By Andrea Shalal and David Lawder
WASHINGTON (Reuters) – The coronavirus pandemic is putting increasing strains on emerging market economies, but the International Monetary Fund has sufficient resources to meet their needs for now, IMF officials said on Wednesday.
The global lender is “quite a bit away” from exhausting its $1 trillion in total lending capacity and is working to identify new sources of funding and liquidity for member countries, the officials said during a conference call with reporters.
More than 80 member countries, mostly emerging markets, have already requested some $20 billion in emergency zero- and low-interest loans from the IMF, they said, and IMF staff was working to process those requests as quickly as possible.
“We see the crisis shifting to emerging markets. Low-income countries are now all seeing the pickup in infection rates that we’ve seen in China and the advanced economies,” said one of the officials. Funding needs were greater in some of those economies due to significant capital outflows and a sharp drop in commodities prices, the official added.
The virus has infected more than 878,000 people and killed 43,412 around the world.
In addition to existing programs, the IMF is looking at reviving a proposal for a short-term liquidity line that was developed several years ago, and could be quickly implemented if approved by members, the officials said.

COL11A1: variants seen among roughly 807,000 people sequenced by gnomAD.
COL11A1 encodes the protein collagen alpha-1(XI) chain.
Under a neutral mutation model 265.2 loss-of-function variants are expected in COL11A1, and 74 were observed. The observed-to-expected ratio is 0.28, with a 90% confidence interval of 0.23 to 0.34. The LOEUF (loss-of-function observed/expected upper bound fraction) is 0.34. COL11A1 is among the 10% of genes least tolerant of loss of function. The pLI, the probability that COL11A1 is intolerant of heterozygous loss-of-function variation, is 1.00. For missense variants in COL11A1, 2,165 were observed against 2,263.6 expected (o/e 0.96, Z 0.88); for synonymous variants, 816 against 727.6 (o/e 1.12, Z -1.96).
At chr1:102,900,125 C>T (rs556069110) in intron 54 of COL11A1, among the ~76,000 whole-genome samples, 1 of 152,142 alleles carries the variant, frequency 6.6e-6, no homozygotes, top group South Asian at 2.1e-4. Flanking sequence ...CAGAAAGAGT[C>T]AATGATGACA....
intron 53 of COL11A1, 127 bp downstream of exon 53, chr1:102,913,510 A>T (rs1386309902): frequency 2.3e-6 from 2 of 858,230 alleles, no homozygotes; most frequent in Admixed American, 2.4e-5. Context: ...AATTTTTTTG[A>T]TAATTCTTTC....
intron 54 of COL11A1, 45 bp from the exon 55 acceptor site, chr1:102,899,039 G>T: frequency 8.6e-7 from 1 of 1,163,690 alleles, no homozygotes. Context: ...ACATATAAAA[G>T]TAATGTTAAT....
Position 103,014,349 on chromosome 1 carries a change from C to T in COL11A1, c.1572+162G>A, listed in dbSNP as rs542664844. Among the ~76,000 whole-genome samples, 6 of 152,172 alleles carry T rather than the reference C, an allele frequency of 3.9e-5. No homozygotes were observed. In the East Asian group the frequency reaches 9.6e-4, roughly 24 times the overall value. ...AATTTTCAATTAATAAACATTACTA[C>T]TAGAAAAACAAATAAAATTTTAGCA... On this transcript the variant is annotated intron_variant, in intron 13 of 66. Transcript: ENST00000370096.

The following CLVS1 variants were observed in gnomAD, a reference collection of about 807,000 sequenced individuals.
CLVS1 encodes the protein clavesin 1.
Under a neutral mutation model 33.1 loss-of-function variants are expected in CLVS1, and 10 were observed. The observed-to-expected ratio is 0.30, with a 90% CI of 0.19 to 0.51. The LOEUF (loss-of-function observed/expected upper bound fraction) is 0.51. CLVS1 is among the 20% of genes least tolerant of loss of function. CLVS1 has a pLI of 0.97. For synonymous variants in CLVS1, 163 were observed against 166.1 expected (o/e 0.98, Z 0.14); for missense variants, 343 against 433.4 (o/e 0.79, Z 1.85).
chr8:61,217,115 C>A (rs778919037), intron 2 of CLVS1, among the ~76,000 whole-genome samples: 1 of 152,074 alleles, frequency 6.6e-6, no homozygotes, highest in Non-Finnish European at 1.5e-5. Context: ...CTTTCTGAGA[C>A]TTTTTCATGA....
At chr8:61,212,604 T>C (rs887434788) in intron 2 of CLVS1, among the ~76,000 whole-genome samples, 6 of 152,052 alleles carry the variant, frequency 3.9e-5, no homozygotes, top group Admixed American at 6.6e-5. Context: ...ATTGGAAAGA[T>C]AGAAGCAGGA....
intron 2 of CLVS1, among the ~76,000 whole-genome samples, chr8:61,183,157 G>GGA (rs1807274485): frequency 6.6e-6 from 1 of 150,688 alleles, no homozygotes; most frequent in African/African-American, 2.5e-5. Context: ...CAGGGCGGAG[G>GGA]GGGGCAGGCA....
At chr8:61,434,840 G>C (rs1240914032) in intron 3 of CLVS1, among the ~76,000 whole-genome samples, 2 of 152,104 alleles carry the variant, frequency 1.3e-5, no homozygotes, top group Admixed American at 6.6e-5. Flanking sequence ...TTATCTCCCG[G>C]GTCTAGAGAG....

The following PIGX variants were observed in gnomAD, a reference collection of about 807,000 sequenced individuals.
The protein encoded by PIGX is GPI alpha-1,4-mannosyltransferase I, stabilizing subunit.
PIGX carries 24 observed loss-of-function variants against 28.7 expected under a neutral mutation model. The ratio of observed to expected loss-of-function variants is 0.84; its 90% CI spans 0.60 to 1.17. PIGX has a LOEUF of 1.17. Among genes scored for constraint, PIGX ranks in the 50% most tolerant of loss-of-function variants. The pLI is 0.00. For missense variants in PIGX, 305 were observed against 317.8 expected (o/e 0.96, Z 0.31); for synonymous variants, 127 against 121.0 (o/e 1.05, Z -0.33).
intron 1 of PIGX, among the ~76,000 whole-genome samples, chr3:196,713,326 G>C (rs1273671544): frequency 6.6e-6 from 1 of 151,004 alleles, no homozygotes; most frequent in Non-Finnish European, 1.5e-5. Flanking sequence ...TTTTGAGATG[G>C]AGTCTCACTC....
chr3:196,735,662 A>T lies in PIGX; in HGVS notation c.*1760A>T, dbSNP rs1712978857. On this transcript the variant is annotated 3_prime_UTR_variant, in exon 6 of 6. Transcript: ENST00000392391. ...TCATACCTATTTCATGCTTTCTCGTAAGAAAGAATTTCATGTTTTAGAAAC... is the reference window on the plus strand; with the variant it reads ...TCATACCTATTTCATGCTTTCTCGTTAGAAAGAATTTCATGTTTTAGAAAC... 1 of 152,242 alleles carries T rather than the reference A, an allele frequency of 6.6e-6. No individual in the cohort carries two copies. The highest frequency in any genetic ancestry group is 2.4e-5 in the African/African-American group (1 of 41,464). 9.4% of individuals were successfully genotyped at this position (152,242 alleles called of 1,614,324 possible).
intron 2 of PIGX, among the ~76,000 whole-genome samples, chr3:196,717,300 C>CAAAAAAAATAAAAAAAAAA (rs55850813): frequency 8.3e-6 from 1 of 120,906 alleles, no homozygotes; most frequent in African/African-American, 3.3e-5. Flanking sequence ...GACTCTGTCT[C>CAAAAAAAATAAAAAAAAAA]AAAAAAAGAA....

There was also discussion about allocation of Special Drawing Rights, the currency of the IMF, much as was done in 2009, a move that would boost funding available for emerging market countries, they said, but that would take longer to implement.
While it was critical to help countries respond to the virus, the IMF could not deviate from its fundamental principles calling for debt to remain sustainable, said one of the officials.
The officials said there was broad support for a joint proposal by the IMF and the World Bank calling on official bilateral creditors to suspend debt service payments – also known as a standstill – for countries that needed help during the current crisis.
That did not mean the IMF was pressing for a broader round of debt forgiveness, said one of the officials.
(Reporting by Andrea Shalal and David Lawder; Editing by Chris Reese and Leslie Adler)